A year after the first such NRI Diwas in Agra, the Uttar Pradesh government last week organized the second edition of the conclave of expatriate Indians, this time in Lucknow, inaugurated by chief minister Akhilesh Yadav.
The three-day event was attended non-resident Indians from all over the world, most of them from Uttar Pradesh, but also some who were not native to the state.
Yadav gave away the Uttar Pradesh Pravasi Bhartiya Ratan Awards to 13 NRIs for excellence in different fields.
Prominent among others who attended the Jan. 4-7 conclave was Prithvi Raj Singh Roopun, minister of social integration and economic empowerment as well as minister of Arts and Culture, Mauritius.
“The aim of organizing the event was to highlight the work done by the state government in the fields of healthcare, investment, infrastructure, SME, skill development and education” an government official said.
The NRI Diwas had various sessions based on the theme ‘Ummedon Ka Pradesh, Uttar Pradesh’ and other topics relevant to the state that showcased its “immense potential” of public-private partnerships as well.
Touching upon these potentials, especially in health care where there is lots of scope for involvement of NRIs, Dr. Sudhir Parikh, publisher of New India Times, and Padma Shri award recipient, said India has great potential for enhancing its healthcare system, but current obstacles and challenges need to be addressed and overcome.
“All countries have access of care issues in healthcare, but India has one of the biggest disparities between its rural vs. urban populations.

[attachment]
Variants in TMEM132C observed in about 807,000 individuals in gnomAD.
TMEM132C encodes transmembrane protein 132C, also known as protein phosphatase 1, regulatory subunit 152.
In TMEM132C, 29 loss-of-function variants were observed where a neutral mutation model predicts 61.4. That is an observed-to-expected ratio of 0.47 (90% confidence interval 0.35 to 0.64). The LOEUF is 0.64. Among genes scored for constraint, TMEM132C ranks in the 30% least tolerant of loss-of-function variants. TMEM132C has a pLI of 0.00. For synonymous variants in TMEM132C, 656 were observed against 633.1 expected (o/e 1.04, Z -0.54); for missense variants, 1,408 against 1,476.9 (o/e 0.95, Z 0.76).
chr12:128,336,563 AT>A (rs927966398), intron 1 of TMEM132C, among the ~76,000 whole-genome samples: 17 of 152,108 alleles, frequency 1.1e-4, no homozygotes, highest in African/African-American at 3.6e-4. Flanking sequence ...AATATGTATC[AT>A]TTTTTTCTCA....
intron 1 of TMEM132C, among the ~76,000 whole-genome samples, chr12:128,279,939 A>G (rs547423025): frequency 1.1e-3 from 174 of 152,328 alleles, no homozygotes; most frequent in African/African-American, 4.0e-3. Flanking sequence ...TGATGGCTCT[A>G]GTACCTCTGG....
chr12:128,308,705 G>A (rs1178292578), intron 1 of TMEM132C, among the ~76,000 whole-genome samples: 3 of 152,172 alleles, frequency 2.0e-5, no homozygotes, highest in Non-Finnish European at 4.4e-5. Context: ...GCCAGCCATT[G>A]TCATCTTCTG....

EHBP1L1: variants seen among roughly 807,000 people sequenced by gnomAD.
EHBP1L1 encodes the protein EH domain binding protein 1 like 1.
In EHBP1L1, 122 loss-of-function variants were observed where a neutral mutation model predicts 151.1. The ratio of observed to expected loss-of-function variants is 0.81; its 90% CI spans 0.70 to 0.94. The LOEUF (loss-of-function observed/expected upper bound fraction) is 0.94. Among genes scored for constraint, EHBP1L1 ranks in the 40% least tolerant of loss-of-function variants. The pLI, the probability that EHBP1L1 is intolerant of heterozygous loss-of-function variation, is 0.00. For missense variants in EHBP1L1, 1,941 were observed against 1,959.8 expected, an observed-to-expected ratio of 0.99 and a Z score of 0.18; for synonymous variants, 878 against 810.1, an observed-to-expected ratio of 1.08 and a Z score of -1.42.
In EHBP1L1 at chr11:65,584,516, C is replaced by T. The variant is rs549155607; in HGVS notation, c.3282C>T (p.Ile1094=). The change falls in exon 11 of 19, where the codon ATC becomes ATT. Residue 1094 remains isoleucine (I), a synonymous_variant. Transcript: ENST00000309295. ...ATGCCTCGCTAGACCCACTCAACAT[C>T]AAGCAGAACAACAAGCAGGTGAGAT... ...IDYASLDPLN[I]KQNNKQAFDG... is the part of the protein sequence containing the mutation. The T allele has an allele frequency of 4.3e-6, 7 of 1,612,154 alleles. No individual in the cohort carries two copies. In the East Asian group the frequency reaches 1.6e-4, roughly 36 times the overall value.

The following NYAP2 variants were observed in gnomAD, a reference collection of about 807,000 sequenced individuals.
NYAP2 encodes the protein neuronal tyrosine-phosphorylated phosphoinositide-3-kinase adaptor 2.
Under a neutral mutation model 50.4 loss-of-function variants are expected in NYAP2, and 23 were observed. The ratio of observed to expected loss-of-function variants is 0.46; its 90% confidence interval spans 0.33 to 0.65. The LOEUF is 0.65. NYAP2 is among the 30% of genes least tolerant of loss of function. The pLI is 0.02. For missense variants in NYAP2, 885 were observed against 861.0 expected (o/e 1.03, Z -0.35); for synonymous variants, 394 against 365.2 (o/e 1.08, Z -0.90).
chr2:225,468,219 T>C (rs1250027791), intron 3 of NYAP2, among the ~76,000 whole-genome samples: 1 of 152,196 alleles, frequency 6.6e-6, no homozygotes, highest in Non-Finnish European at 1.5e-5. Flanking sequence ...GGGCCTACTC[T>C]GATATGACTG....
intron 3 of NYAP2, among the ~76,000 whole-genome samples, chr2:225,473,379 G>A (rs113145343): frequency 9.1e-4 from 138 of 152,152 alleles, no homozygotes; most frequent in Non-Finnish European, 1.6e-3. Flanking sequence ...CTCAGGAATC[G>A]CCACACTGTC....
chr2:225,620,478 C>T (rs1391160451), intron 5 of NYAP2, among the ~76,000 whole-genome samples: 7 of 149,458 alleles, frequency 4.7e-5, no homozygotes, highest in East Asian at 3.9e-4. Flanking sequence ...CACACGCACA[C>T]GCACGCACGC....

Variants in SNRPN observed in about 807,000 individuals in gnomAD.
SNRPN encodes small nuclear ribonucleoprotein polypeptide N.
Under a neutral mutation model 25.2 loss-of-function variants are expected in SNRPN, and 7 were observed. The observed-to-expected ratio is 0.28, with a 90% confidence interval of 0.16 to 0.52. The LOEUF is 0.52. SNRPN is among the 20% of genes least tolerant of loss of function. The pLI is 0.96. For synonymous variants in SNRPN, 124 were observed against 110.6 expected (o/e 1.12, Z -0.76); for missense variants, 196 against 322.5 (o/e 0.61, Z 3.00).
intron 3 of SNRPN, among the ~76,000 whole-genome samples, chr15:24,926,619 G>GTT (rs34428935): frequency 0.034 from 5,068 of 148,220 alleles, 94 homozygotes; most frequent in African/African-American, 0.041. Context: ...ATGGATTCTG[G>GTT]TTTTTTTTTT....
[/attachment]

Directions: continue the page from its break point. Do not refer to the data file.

Generally there are better clinics, hospitals, and doctors, both public and private in urban settings in India. However, more than 70 percent of India’s population is in rural areas with limited access to care,” Parikh said.
Government programs need to focus on preventative and primary care rather than just the high risk populations. Conditions such as cardiovascular health, diabetes, hypertension, asthma, allergy, HIV, and hyperlipidemia are on the rise in India and require preventative care and chronic care.
“This is in the long run is better for the patient and will also save India’s health care system money by decreasing complications,” he said.
“Even though we are miles away, we NRI physicians can do a lot more than we think even from afar. Physician outreach programs, similar to doctors without borders, can be established to send specialists and other physicians to India to work and help train doctors in new advances both in rural and urban settings,” Dr. Parikh said.
“Community outreach programs can similarly fill the void of doctors in these rural settings as many physicians of Indian origin have a desire to go back and help out in that regard,” he added.